Report: The Independent Review of Sexual Abuse in Scottish Football – Full Report

Football is our national game. It represents, probably, our largest and most significant cultural institution. Football’s reach touches almost every family and community in the land. Historically it has acted as an expression of our country’s aspirations and hopes often focussing the hearts and minds of our nation. For well over a century young people have benefitted from supporting and playing the game at all levels and in all parts of the country. Currently, approximately 325,000 children and young people participate in Scottish football (UEFA European Benchmark –Kantar (2019)). This is an astounding number and makes football the leading participation sport amongst children in Scotland. Many more are spectators and supporters. For some it has been the mainstay of their formative years. It is the subject of folklore and myth, of debate and passion, hopes dashed and dreams realised. But most importantly it has been a place where young people have invested their time, their ambition, their skill and their energy for generations. For some it has provided a refuge from other stresses and concerns, for others a focal point for their personal development and wellbeing leaving them with skills and benefits to last a lifetime.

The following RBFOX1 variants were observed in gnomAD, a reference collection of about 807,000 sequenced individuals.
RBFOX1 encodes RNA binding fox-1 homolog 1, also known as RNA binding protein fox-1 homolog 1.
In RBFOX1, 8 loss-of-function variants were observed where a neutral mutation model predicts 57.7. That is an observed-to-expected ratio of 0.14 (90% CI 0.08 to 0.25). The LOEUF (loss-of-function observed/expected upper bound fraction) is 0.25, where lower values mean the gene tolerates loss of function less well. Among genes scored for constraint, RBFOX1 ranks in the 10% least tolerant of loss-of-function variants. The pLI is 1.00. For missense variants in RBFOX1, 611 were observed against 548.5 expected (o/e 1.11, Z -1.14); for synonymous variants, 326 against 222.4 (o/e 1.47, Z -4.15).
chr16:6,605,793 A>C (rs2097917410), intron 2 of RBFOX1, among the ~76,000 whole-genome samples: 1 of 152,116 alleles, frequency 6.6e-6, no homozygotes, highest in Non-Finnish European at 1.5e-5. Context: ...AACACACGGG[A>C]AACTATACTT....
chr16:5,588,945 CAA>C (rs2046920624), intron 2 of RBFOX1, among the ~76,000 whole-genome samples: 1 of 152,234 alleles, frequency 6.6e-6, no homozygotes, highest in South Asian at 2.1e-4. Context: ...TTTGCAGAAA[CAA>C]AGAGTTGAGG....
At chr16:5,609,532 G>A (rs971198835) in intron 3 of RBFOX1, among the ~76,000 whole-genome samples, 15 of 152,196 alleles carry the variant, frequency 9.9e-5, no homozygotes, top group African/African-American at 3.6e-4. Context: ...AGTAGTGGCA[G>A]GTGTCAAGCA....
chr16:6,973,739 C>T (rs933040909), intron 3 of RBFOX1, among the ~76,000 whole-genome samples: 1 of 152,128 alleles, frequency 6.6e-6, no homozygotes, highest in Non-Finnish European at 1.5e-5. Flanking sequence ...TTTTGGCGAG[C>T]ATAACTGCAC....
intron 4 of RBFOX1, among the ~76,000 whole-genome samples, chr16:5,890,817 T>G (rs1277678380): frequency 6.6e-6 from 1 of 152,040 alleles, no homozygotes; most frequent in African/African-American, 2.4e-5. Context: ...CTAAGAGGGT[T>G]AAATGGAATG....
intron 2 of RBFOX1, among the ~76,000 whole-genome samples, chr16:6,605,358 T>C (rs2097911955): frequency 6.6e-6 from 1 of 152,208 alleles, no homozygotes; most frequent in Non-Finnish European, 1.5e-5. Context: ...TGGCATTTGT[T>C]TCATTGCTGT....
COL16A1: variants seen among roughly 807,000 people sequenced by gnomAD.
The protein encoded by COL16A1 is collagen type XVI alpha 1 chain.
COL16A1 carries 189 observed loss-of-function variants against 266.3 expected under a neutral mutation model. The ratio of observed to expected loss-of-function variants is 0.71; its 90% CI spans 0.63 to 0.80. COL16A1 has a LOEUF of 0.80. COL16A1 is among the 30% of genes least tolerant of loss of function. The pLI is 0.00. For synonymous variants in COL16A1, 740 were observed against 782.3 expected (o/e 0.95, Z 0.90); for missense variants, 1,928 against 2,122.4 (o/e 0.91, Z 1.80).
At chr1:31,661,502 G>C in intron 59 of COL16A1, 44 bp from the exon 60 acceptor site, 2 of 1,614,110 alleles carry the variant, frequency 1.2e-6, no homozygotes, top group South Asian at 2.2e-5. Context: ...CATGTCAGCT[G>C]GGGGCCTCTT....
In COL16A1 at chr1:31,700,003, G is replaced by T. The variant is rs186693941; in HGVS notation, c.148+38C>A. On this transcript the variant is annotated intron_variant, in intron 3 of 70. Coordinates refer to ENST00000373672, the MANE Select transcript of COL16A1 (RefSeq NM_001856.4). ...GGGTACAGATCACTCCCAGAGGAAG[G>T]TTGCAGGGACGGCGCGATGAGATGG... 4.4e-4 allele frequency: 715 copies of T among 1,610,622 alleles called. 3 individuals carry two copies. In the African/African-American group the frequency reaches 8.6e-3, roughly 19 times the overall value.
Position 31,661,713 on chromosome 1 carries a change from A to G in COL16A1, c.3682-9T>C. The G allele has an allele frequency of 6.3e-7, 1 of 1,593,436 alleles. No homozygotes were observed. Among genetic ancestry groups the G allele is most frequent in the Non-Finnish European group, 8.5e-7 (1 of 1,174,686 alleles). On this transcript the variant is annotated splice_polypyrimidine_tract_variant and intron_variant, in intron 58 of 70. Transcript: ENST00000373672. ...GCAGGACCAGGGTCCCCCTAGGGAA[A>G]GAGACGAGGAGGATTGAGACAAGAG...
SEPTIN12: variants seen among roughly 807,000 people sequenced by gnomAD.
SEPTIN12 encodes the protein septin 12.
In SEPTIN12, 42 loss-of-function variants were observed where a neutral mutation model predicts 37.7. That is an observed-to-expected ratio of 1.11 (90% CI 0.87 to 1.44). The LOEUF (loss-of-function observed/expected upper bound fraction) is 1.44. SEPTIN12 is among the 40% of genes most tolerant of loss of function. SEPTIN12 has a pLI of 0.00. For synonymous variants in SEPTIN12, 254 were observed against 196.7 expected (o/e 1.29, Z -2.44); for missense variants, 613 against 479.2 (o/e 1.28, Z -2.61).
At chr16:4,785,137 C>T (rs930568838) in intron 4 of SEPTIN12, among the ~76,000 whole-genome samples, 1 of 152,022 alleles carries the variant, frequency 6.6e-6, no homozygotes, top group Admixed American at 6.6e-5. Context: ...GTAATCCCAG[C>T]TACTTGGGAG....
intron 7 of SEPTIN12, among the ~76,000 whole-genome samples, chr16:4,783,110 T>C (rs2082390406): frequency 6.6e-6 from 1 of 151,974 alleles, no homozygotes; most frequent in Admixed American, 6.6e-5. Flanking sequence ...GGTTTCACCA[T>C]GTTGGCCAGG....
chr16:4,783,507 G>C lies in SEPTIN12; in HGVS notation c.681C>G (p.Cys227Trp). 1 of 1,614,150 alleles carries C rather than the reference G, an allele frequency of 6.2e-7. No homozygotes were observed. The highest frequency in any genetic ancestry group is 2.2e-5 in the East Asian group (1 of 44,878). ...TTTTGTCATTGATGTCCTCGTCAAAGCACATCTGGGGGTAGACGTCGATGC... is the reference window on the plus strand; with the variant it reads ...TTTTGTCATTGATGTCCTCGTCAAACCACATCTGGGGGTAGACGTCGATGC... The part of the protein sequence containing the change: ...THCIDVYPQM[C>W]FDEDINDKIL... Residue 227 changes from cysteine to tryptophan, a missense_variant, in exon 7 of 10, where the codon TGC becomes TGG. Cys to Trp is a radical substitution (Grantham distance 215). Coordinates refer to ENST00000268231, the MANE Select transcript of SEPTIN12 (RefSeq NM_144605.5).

However, for others, football in Scotland has come to represent a very different picture. A source of trauma and torment, a site where they experienced the unimaginable at key points in their young lives leaving many of them with legacies of trauma, pain, depression and anxiety. Football for some young people became synonymous with experiences that left an indelible negative and distressing imprint on their lives –a legacy characterised by shame, confusion and self-doubt.

The impact of these experiences and of the actions of the individuals who perpetrated them is incalculable with significant cost to personal and family relationships; mental and physical health and wellbeing; financial and material security; education and employment; community solidarity and belonging; confidence; self-acceptance; trust; and so many other aspects of their lives. For some the struggle to deal with what has happened to them within football has been extremely arduous and marked by regular setbacks. For others they have managed to greater or lesser extents to overcome these experiences sufficiently to build successful futures. Tragically however some have not survived….

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